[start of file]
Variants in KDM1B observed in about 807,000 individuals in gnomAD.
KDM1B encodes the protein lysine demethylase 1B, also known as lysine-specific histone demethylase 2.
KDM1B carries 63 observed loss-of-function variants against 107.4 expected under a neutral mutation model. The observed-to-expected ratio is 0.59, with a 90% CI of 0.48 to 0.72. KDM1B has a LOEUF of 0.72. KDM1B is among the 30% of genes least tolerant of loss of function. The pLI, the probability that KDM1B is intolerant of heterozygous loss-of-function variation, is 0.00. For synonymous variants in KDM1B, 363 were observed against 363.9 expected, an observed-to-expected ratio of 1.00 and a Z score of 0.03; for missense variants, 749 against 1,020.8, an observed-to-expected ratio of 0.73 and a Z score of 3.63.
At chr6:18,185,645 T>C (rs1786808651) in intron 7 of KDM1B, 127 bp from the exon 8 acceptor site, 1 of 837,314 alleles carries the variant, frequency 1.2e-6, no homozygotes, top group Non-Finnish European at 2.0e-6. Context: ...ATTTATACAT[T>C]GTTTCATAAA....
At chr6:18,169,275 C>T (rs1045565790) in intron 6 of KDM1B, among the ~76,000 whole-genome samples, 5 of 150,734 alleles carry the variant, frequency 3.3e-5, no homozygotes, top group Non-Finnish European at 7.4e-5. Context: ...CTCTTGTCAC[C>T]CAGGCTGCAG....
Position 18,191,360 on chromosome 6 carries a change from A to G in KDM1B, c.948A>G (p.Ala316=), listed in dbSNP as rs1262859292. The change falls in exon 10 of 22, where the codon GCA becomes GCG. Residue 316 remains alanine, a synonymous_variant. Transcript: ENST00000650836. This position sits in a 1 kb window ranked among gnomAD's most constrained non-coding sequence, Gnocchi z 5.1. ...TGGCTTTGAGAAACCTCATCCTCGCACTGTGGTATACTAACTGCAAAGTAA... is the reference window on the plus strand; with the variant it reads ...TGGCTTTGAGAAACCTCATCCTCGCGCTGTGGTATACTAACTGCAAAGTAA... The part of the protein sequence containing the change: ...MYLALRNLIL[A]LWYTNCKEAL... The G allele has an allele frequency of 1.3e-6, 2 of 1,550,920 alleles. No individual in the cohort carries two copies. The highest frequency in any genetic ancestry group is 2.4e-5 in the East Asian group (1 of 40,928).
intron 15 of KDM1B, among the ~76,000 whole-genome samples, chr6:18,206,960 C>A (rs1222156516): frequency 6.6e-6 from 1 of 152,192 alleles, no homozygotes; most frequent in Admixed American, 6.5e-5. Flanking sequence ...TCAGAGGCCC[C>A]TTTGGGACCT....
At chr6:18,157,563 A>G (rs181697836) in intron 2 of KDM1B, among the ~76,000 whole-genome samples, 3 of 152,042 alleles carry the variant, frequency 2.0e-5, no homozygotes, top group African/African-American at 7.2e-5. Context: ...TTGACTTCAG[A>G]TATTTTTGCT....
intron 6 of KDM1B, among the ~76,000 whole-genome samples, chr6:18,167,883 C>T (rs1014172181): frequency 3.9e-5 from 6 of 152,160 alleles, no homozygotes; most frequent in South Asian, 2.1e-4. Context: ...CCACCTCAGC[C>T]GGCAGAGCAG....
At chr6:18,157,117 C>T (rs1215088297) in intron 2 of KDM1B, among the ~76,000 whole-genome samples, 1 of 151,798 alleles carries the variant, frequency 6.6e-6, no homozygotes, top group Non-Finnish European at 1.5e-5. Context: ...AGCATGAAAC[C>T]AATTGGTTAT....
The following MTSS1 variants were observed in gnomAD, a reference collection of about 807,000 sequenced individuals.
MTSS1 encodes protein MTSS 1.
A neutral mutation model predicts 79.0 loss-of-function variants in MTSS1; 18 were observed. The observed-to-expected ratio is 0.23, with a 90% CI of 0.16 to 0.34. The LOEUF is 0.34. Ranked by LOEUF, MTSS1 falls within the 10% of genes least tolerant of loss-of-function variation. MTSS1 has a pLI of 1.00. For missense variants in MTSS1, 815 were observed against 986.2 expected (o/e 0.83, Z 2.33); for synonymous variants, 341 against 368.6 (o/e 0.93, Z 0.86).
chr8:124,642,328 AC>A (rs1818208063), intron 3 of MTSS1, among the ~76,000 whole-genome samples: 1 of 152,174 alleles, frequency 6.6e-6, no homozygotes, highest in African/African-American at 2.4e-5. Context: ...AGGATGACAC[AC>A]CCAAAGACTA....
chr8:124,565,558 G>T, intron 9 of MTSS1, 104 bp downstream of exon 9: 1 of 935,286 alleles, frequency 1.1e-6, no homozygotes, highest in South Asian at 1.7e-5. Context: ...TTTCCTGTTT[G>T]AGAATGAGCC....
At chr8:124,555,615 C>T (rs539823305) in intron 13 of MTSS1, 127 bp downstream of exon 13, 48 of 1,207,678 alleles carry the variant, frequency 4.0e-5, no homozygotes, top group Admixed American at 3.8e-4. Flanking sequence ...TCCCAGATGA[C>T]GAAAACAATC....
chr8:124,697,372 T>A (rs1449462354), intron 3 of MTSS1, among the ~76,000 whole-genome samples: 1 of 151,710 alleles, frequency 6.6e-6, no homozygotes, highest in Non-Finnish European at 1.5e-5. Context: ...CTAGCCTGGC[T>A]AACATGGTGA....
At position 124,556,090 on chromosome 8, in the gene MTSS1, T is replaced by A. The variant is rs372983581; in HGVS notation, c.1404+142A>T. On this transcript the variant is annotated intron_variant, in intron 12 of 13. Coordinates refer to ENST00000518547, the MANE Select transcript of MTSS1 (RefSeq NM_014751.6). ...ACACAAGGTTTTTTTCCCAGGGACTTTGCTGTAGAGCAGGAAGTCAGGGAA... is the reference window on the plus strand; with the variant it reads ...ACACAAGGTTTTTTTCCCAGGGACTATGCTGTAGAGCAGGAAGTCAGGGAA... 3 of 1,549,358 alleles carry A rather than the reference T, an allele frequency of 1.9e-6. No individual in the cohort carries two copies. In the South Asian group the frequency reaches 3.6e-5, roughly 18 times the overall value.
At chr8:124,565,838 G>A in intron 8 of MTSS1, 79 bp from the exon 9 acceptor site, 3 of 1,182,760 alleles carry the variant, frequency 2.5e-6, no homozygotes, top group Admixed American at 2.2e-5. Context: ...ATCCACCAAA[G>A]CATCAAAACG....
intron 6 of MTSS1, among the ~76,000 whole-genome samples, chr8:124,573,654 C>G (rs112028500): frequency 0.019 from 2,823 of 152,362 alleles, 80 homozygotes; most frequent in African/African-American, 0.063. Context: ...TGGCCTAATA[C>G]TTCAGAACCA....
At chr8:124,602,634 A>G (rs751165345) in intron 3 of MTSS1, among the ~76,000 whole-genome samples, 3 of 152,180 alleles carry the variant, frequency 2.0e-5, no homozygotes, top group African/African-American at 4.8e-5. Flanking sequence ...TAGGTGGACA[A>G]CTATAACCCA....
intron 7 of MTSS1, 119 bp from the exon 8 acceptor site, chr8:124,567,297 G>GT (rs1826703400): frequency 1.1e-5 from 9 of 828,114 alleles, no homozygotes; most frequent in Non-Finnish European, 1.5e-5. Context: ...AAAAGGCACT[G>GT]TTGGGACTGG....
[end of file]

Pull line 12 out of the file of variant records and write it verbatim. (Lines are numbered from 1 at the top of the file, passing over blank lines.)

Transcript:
MTSS1 encodes protein MTSS 1.